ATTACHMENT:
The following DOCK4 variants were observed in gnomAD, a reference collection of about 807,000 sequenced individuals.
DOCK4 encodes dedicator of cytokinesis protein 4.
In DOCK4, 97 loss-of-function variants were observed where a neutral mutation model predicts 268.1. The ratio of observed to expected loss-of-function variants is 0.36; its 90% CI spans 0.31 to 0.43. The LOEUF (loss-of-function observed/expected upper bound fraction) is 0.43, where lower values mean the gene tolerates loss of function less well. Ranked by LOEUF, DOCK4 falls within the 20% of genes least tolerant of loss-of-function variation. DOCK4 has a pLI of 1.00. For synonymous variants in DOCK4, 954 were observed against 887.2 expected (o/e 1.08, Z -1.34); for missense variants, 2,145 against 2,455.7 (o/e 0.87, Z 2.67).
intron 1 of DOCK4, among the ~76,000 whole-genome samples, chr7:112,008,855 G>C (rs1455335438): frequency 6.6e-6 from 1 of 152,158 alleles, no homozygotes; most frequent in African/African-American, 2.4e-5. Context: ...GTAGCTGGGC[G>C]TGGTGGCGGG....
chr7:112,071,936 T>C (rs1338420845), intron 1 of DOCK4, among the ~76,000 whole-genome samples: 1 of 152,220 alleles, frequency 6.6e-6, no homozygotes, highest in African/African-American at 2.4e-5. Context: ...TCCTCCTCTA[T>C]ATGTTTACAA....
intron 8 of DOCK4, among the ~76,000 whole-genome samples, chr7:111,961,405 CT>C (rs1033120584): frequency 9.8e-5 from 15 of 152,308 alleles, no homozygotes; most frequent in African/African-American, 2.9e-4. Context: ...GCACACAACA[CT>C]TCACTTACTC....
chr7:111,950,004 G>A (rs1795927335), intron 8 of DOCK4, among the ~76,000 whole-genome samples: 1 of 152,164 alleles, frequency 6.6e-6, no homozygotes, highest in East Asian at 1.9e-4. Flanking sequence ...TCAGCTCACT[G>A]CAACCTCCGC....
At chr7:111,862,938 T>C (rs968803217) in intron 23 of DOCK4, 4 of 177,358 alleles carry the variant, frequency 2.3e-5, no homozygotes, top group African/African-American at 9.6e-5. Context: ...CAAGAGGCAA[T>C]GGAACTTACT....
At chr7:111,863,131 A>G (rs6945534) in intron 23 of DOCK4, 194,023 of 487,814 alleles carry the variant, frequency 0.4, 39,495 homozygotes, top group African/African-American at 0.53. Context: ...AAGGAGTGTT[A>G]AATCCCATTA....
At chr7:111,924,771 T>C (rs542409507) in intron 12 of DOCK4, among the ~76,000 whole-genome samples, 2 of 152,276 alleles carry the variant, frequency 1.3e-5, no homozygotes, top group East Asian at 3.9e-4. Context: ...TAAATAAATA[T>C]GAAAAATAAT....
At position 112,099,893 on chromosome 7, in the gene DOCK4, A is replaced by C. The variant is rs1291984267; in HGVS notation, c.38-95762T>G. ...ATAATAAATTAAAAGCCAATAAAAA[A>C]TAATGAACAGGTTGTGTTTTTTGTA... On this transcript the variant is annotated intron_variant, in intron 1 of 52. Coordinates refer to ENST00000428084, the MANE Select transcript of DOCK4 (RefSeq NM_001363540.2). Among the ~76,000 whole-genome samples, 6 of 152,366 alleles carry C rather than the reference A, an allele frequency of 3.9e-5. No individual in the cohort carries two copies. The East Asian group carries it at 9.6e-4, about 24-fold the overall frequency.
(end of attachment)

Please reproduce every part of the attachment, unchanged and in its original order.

The following DOCK4 variants were observed in gnomAD, a reference collection of about 807,000 sequenced individuals.
DOCK4 encodes dedicator of cytokinesis protein 4.
In DOCK4, 97 loss-of-function variants were observed where a neutral mutation model predicts 268.1. The ratio of observed to expected loss-of-function variants is 0.36; its 90% CI spans 0.31 to 0.43. The LOEUF (loss-of-function observed/expected upper bound fraction) is 0.43, where lower values mean the gene tolerates loss of function less well. Ranked by LOEUF, DOCK4 falls within the 20% of genes least tolerant of loss-of-function variation. DOCK4 has a pLI of 1.00. For synonymous variants in DOCK4, 954 were observed against 887.2 expected (o/e 1.08, Z -1.34); for missense variants, 2,145 against 2,455.7 (o/e 0.87, Z 2.67).
intron 1 of DOCK4, among the ~76,000 whole-genome samples, chr7:112,008,855 G>C (rs1455335438): frequency 6.6e-6 from 1 of 152,158 alleles, no homozygotes; most frequent in African/African-American, 2.4e-5. Context: ...GTAGCTGGGC[G>C]TGGTGGCGGG....
chr7:112,071,936 T>C (rs1338420845), intron 1 of DOCK4, among the ~76,000 whole-genome samples: 1 of 152,220 alleles, frequency 6.6e-6, no homozygotes, highest in African/African-American at 2.4e-5. Context: ...TCCTCCTCTA[T>C]ATGTTTACAA....
intron 8 of DOCK4, among the ~76,000 whole-genome samples, chr7:111,961,405 CT>C (rs1033120584): frequency 9.8e-5 from 15 of 152,308 alleles, no homozygotes; most frequent in African/African-American, 2.9e-4. Context: ...GCACACAACA[CT>C]TCACTTACTC....
chr7:111,950,004 G>A (rs1795927335), intron 8 of DOCK4, among the ~76,000 whole-genome samples: 1 of 152,164 alleles, frequency 6.6e-6, no homozygotes, highest in East Asian at 1.9e-4. Flanking sequence ...TCAGCTCACT[G>A]CAACCTCCGC....
At chr7:111,862,938 T>C (rs968803217) in intron 23 of DOCK4, 4 of 177,358 alleles carry the variant, frequency 2.3e-5, no homozygotes, top group African/African-American at 9.6e-5. Context: ...CAAGAGGCAA[T>C]GGAACTTACT....
At chr7:111,863,131 A>G (rs6945534) in intron 23 of DOCK4, 194,023 of 487,814 alleles carry the variant, frequency 0.4, 39,495 homozygotes, top group African/African-American at 0.53. Context: ...AAGGAGTGTT[A>G]AATCCCATTA....
At chr7:111,924,771 T>C (rs542409507) in intron 12 of DOCK4, among the ~76,000 whole-genome samples, 2 of 152,276 alleles carry the variant, frequency 1.3e-5, no homozygotes, top group East Asian at 3.9e-4. Context: ...TAAATAAATA[T>C]GAAAAATAAT....
At position 112,099,893 on chromosome 7, in the gene DOCK4, A is replaced by C. The variant is rs1291984267; in HGVS notation, c.38-95762T>G. ...ATAATAAATTAAAAGCCAATAAAAA[A>C]TAATGAACAGGTTGTGTTTTTTGTA... On this transcript the variant is annotated intron_variant, in intron 1 of 52. Coordinates refer to ENST00000428084, the MANE Select transcript of DOCK4 (RefSeq NM_001363540.2). Among the ~76,000 whole-genome samples, 6 of 152,366 alleles carry C rather than the reference A, an allele frequency of 3.9e-5. No individual in the cohort carries two copies. The East Asian group carries it at 9.6e-4, about 24-fold the overall frequency.